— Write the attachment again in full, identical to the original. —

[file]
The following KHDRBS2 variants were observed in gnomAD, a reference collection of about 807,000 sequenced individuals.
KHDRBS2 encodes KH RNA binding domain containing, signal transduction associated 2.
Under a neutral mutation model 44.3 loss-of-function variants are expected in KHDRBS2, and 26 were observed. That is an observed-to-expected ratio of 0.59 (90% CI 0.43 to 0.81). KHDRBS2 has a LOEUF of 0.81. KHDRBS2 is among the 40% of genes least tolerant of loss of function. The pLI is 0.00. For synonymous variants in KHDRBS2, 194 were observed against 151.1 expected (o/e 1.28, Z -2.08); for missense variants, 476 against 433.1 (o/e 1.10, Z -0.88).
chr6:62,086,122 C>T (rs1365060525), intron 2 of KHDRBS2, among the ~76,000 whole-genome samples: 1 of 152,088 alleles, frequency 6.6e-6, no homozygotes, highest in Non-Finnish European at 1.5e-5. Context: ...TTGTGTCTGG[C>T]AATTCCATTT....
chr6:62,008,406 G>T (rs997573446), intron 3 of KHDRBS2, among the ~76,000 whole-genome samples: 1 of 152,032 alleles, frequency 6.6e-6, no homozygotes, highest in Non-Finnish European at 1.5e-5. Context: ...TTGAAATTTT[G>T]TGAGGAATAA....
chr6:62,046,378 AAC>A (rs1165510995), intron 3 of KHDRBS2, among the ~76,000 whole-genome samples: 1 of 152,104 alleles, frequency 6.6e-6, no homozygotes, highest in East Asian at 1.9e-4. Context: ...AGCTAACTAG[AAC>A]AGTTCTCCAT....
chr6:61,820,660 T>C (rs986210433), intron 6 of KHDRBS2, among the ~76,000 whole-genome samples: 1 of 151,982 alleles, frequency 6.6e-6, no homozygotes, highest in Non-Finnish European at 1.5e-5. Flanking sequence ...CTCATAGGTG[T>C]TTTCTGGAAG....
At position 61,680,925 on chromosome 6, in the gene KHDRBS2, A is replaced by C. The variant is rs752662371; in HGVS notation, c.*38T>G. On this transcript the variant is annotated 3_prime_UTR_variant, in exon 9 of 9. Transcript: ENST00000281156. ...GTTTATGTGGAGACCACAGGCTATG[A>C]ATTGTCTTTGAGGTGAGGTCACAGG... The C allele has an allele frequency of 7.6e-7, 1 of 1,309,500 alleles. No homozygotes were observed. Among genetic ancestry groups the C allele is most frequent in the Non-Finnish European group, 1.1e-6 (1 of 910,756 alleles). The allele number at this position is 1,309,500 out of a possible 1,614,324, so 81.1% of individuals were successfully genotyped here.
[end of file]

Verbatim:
The following KHDRBS2 variants were observed in gnomAD, a reference collection of about 807,000 sequenced individuals.
KHDRBS2 encodes KH RNA binding domain containing, signal transduction associated 2.
Under a neutral mutation model 44.3 loss-of-function variants are expected in KHDRBS2, and 26 were observed. That is an observed-to-expected ratio of 0.59 (90% CI 0.43 to 0.81). KHDRBS2 has a LOEUF of 0.81. KHDRBS2 is among the 40% of genes least tolerant of loss of function. The pLI is 0.00. For synonymous variants in KHDRBS2, 194 were observed against 151.1 expected (o/e 1.28, Z -2.08); for missense variants, 476 against 433.1 (o/e 1.10, Z -0.88).
chr6:62,086,122 C>T (rs1365060525), intron 2 of KHDRBS2, among the ~76,000 whole-genome samples: 1 of 152,088 alleles, frequency 6.6e-6, no homozygotes, highest in Non-Finnish European at 1.5e-5. Context: ...TTGTGTCTGG[C>T]AATTCCATTT....
chr6:62,008,406 G>T (rs997573446), intron 3 of KHDRBS2, among the ~76,000 whole-genome samples: 1 of 152,032 alleles, frequency 6.6e-6, no homozygotes, highest in Non-Finnish European at 1.5e-5. Context: ...TTGAAATTTT[G>T]TGAGGAATAA....
chr6:62,046,378 AAC>A (rs1165510995), intron 3 of KHDRBS2, among the ~76,000 whole-genome samples: 1 of 152,104 alleles, frequency 6.6e-6, no homozygotes, highest in East Asian at 1.9e-4. Context: ...AGCTAACTAG[AAC>A]AGTTCTCCAT....
chr6:61,820,660 T>C (rs986210433), intron 6 of KHDRBS2, among the ~76,000 whole-genome samples: 1 of 151,982 alleles, frequency 6.6e-6, no homozygotes, highest in Non-Finnish European at 1.5e-5. Flanking sequence ...CTCATAGGTG[T>C]TTTCTGGAAG....
At position 61,680,925 on chromosome 6, in the gene KHDRBS2, A is replaced by C. The variant is rs752662371; in HGVS notation, c.*38T>G. On this transcript the variant is annotated 3_prime_UTR_variant, in exon 9 of 9. Transcript: ENST00000281156. ...GTTTATGTGGAGACCACAGGCTATG[A>C]ATTGTCTTTGAGGTGAGGTCACAGG... The C allele has an allele frequency of 7.6e-7, 1 of 1,309,500 alleles. No homozygotes were observed. Among genetic ancestry groups the C allele is most frequent in the Non-Finnish European group, 1.1e-6 (1 of 910,756 alleles). The allele number at this position is 1,309,500 out of a possible 1,614,324, so 81.1% of individuals were successfully genotyped here.